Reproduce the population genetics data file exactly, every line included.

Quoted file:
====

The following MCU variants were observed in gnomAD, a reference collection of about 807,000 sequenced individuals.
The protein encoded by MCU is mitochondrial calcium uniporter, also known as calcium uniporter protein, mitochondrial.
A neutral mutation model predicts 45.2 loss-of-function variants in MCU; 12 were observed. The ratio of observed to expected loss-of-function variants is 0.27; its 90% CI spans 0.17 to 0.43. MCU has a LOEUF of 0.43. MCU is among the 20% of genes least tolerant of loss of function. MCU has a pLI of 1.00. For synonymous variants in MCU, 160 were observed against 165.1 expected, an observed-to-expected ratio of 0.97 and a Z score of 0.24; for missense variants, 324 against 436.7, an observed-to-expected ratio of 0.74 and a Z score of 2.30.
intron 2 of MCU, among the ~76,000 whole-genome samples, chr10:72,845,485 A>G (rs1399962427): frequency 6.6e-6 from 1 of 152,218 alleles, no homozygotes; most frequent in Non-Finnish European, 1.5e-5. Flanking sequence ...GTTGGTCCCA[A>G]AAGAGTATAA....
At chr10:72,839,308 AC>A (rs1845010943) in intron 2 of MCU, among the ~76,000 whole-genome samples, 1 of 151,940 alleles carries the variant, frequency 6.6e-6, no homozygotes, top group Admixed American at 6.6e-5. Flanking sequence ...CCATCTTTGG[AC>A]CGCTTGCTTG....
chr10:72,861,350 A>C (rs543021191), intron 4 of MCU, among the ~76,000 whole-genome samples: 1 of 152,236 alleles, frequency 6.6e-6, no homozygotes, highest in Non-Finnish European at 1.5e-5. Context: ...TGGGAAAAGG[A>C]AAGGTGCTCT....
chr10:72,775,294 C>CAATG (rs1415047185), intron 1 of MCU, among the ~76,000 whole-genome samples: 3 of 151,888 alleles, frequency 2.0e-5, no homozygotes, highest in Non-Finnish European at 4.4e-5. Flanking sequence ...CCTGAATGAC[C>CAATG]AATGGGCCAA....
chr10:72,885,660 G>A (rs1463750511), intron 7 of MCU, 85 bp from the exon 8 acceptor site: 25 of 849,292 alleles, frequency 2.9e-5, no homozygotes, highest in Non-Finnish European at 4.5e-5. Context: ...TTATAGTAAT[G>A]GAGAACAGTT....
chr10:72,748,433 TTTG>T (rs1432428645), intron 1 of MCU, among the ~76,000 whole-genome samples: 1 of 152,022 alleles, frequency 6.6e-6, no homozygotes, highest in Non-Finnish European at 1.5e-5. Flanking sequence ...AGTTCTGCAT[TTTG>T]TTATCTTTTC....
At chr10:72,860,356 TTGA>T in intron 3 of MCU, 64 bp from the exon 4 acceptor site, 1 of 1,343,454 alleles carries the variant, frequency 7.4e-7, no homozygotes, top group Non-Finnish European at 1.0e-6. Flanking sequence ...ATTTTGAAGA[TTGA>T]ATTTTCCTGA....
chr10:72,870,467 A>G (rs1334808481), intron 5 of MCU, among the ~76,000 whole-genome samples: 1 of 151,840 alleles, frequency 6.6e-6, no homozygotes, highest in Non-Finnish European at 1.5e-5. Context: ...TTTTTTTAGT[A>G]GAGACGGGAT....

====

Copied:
The following MCU variants were observed in gnomAD, a reference collection of about 807,000 sequenced individuals.
The protein encoded by MCU is mitochondrial calcium uniporter, also known as calcium uniporter protein, mitochondrial.
A neutral mutation model predicts 45.2 loss-of-function variants in MCU; 12 were observed. The ratio of observed to expected loss-of-function variants is 0.27; its 90% CI spans 0.17 to 0.43. MCU has a LOEUF of 0.43. MCU is among the 20% of genes least tolerant of loss of function. MCU has a pLI of 1.00. For synonymous variants in MCU, 160 were observed against 165.1 expected, an observed-to-expected ratio of 0.97 and a Z score of 0.24; for missense variants, 324 against 436.7, an observed-to-expected ratio of 0.74 and a Z score of 2.30.
intron 2 of MCU, among the ~76,000 whole-genome samples, chr10:72,845,485 A>G (rs1399962427): frequency 6.6e-6 from 1 of 152,218 alleles, no homozygotes; most frequent in Non-Finnish European, 1.5e-5. Flanking sequence ...GTTGGTCCCA[A>G]AAGAGTATAA....
At chr10:72,839,308 AC>A (rs1845010943) in intron 2 of MCU, among the ~76,000 whole-genome samples, 1 of 151,940 alleles carries the variant, frequency 6.6e-6, no homozygotes, top group Admixed American at 6.6e-5. Flanking sequence ...CCATCTTTGG[AC>A]CGCTTGCTTG....
chr10:72,861,350 A>C (rs543021191), intron 4 of MCU, among the ~76,000 whole-genome samples: 1 of 152,236 alleles, frequency 6.6e-6, no homozygotes, highest in Non-Finnish European at 1.5e-5. Context: ...TGGGAAAAGG[A>C]AAGGTGCTCT....
chr10:72,775,294 C>CAATG (rs1415047185), intron 1 of MCU, among the ~76,000 whole-genome samples: 3 of 151,888 alleles, frequency 2.0e-5, no homozygotes, highest in Non-Finnish European at 4.4e-5. Flanking sequence ...CCTGAATGAC[C>CAATG]AATGGGCCAA....
chr10:72,885,660 G>A (rs1463750511), intron 7 of MCU, 85 bp from the exon 8 acceptor site: 25 of 849,292 alleles, frequency 2.9e-5, no homozygotes, highest in Non-Finnish European at 4.5e-5. Context: ...TTATAGTAAT[G>A]GAGAACAGTT....
chr10:72,748,433 TTTG>T (rs1432428645), intron 1 of MCU, among the ~76,000 whole-genome samples: 1 of 152,022 alleles, frequency 6.6e-6, no homozygotes, highest in Non-Finnish European at 1.5e-5. Flanking sequence ...AGTTCTGCAT[TTTG>T]TTATCTTTTC....
At chr10:72,860,356 TTGA>T in intron 3 of MCU, 64 bp from the exon 4 acceptor site, 1 of 1,343,454 alleles carries the variant, frequency 7.4e-7, no homozygotes, top group Non-Finnish European at 1.0e-6. Flanking sequence ...ATTTTGAAGA[TTGA>T]ATTTTCCTGA....
chr10:72,870,467 A>G (rs1334808481), intron 5 of MCU, among the ~76,000 whole-genome samples: 1 of 151,840 alleles, frequency 6.6e-6, no homozygotes, highest in Non-Finnish European at 1.5e-5. Context: ...TTTTTTTAGT[A>G]GAGACGGGAT....